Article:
Password Manager can automatically create strong and random passwords for each different service you use. This means that your LinkedIn, Gmail, and eBay accounts can no longer be viewed by someone guessing your childhood pet dog’s name.

If a password is leaked, all you have to do is change it – none of the others are compromised.

There are many password managers to choose from. Some are free (like Keepass) or β€œfreemium” (offering the option to upgrade for more features like Nordpass), while others charge a one-time fee or a recurring subscription (like 1Password). Most let you securely sync your passwords across all of your devices, and some let you securely share passwords between family members or workgroups.

You can also use the password managers built into most web browsers or operating systems (with many phones offering this feature in the browser or natively).

These tend to have less functionality and can cause compatibility issues if you want to access your password from different browsers or platforms.

Password managers take a bit of getting used to, but don’t be too discouraged. When you create a new account on a website, you let the password manager create a unique (complex) password and store it immediately – no need to think about it yourself!

Later, when you want to access this account again, the password manager automatically fills it out. This is done either through direct integration with the browser (usually on computers) or through a separate app on your mobile device. Most password managers automatically β€œlock” themselves after a certain period of time, prompting you to enter the master password (or face / finger verification) before allowing access again.

Protect your most important passwords

If you don’t like the sound of a password manager, at least change your “critical” account passwords so that each is strong and unique. Financial services, email accounts, government services, and work systems each need a separate and strong password.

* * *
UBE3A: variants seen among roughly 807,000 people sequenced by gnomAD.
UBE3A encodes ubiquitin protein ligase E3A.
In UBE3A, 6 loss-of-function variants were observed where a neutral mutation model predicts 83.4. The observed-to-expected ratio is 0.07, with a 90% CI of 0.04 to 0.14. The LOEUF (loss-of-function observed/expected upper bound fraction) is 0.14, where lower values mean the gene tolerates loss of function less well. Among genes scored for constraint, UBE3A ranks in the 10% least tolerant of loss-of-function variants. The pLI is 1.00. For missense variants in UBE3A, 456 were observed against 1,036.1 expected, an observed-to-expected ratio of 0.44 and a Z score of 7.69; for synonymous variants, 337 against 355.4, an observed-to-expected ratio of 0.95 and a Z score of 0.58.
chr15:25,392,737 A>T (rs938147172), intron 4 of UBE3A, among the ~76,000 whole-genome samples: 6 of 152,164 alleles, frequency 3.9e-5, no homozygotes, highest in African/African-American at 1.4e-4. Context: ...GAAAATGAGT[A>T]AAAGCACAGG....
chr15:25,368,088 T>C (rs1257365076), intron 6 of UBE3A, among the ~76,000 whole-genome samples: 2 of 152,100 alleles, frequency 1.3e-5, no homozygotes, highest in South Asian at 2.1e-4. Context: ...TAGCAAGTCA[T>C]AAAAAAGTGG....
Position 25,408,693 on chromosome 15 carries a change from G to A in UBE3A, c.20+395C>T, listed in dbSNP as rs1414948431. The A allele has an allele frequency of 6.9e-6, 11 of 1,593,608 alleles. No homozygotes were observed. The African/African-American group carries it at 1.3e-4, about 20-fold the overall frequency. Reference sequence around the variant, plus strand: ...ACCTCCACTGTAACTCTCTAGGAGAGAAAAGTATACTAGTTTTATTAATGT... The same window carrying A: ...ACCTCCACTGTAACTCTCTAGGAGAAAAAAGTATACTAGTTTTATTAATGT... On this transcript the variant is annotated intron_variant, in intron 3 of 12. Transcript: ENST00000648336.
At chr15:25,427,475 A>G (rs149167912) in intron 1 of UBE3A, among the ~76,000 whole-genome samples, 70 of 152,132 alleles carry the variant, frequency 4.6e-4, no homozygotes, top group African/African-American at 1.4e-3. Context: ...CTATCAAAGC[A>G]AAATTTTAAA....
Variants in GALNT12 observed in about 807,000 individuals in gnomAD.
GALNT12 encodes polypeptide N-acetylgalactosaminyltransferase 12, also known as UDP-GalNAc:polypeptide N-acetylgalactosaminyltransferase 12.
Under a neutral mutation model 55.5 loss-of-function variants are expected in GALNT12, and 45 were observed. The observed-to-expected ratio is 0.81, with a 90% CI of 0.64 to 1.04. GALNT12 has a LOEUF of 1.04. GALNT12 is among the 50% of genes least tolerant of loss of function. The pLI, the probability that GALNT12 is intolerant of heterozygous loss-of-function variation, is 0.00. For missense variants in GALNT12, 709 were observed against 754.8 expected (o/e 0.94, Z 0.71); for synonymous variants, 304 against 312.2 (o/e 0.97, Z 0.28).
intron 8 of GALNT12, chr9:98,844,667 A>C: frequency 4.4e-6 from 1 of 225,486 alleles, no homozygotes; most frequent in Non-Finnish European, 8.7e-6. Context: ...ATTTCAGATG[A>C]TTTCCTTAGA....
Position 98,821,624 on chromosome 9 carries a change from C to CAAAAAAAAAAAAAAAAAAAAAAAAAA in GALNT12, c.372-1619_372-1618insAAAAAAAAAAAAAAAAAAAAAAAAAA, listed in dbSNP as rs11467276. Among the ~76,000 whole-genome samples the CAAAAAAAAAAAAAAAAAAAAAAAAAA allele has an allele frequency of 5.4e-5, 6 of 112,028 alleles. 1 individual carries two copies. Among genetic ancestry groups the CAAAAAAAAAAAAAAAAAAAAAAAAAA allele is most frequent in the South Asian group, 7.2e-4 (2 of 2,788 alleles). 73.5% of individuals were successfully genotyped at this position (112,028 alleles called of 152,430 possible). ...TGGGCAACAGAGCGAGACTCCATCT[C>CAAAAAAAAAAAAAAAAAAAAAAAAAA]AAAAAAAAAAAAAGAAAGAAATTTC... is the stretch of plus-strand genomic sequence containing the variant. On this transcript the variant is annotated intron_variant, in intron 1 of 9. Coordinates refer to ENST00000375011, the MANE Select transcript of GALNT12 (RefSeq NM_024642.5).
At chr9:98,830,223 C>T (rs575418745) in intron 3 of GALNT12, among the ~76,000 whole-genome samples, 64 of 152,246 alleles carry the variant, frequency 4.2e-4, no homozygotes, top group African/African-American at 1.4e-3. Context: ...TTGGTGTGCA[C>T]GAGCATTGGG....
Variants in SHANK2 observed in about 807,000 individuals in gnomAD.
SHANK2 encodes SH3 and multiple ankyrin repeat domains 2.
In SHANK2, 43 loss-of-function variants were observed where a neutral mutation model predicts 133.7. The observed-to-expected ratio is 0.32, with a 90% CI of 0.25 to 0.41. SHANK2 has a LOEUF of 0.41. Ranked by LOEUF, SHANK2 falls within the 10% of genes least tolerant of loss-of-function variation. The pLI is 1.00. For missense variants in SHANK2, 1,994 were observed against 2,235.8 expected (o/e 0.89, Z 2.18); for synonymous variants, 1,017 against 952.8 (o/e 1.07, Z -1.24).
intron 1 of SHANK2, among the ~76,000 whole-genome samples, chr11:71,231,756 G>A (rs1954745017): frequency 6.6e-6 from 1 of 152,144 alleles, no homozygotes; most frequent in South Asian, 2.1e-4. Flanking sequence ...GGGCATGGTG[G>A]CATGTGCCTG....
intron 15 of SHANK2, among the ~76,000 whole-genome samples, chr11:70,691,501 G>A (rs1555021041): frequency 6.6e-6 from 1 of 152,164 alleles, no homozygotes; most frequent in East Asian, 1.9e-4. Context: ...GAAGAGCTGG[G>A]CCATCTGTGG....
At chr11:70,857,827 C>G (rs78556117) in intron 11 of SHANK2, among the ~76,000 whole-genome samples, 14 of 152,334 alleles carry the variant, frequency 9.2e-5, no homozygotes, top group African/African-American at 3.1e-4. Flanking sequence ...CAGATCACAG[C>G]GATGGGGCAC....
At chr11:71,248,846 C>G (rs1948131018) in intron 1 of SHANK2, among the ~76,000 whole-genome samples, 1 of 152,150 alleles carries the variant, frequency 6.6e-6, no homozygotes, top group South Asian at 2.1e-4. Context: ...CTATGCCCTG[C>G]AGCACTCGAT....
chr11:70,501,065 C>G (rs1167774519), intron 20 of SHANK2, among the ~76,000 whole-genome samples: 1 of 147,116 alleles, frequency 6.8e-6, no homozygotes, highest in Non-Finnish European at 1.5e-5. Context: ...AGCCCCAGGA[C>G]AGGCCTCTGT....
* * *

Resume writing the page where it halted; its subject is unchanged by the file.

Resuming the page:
Even if you write them down in a book (kept safe), you greatly reduce your risk of a data breach on any of these platforms.

Remember, however, that some sites offer delegated access to others. Many e-commerce websites, for example, give you the option to sign in with your Facebook, Google, or Apple account. This does not put your password at greater risk, as the password itself is not shared. But if the password is compromised, its use would allow access to these delegated sites. It’s usually best to create unique accounts and use your password manager to protect them.

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Taking a better approach to passwords is an easy way to lower your cybersecurity risk. Ideally, that means using a password manager, but if you’re not quite ready for it just yet, make 2022 at least the year you give up on sticky notes and pet names.The conversation

Paul Haskell-Dowland, Professor of Cyber ​​Security Practice, Edith Cowan University and Lorrie Cranor, professor of computer science and engineering and public policy, Carnegie Mellon University

This article is republished from The Conversation under a Creative Commons license. Read the original article.